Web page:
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A+ Anecdotes

Positive Interdependence and the Three-Legged Race

To cite this article: Team Kagan Positive Interdependence and the Three-Legged Race. Kagan Online Magazine, Issue #62. San Clemente, CA: Kagan Publishing. www.KaganOnline.com

Postive correlation in action

The “P” in Kagan’s “PIES” acronym stands for Positive Interdependence. Positive Interdependence is one of the 4 Basic Principles of Kagan Cooperative Learning.

Dr. Barara Calile, a former Kagan trainer, came up with a fun metaphor to explain the difference between positive interdependence and negative interdependence.

Think about picnic games.

A three-legged race is an example of positive interdependence between two people. If I take a big step forward, so do you. We both benefit. If I trip, we both suffer. Our outcomes go up or down together. There is a positive of outcomes.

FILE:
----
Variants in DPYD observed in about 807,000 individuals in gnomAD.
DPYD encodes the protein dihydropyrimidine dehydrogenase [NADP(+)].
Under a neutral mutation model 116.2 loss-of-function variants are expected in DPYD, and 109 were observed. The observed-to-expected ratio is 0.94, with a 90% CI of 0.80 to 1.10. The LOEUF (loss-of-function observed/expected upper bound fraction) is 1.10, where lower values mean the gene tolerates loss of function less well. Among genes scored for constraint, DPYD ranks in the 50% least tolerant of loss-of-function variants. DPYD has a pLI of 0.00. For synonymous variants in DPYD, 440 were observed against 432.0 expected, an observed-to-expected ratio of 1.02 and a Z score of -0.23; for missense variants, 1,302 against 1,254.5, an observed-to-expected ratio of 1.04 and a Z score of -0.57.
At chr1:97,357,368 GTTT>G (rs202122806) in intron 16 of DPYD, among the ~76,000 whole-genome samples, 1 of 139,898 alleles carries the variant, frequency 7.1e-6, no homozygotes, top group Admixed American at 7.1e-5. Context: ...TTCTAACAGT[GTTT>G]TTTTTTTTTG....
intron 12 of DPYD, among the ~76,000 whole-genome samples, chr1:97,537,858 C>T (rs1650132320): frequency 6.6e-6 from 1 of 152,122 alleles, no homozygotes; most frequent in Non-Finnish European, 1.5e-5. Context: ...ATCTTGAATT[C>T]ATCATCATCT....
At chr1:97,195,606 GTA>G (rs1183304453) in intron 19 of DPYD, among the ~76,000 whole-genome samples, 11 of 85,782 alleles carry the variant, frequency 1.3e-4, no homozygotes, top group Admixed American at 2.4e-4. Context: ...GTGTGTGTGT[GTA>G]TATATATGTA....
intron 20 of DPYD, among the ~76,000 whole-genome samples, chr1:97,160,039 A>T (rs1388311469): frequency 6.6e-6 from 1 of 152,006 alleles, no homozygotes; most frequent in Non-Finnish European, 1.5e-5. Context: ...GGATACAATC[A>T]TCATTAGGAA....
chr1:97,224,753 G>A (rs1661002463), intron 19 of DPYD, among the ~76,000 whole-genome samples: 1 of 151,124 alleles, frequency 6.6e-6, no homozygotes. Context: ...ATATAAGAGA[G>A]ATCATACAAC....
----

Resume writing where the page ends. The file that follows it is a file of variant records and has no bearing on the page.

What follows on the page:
A tug of war is an example of a negative interdependence between two teams. In a tug of war, if one side pulls hard enough, the other one loses. The success of one side means failure for the other side and vice versa. This is a negative correlation of outcomes.

Epic Tug of War at the Kagan Summer Picnic

With most Kagan Structures, like the three-legged race, helping your partner or teammate helps you succeed. Lots of great things happen when students see themselves on the same side as their teammates. There is more helping, explaining, learning, and caring. If I see you as an ally, not as my enemy, I will not only root for you, but help you any way I can. You are my friend, not my foe.

Positive interdependence has the potential to transform classroom dynamics. If implemented correctly, it can reverse racism, prevent violence, and decrease bullying. The principle is so powerful that it is baked into most Kagan Structures so that not only does helping help, it is a required step of the structure.

When you analyze your teaching, ask yourself: Are my students on the same side, or are they pulling against each other? The great thing about Kagan Structures is you don’t have to ask that question, because the P is baked into the PIES of every structure.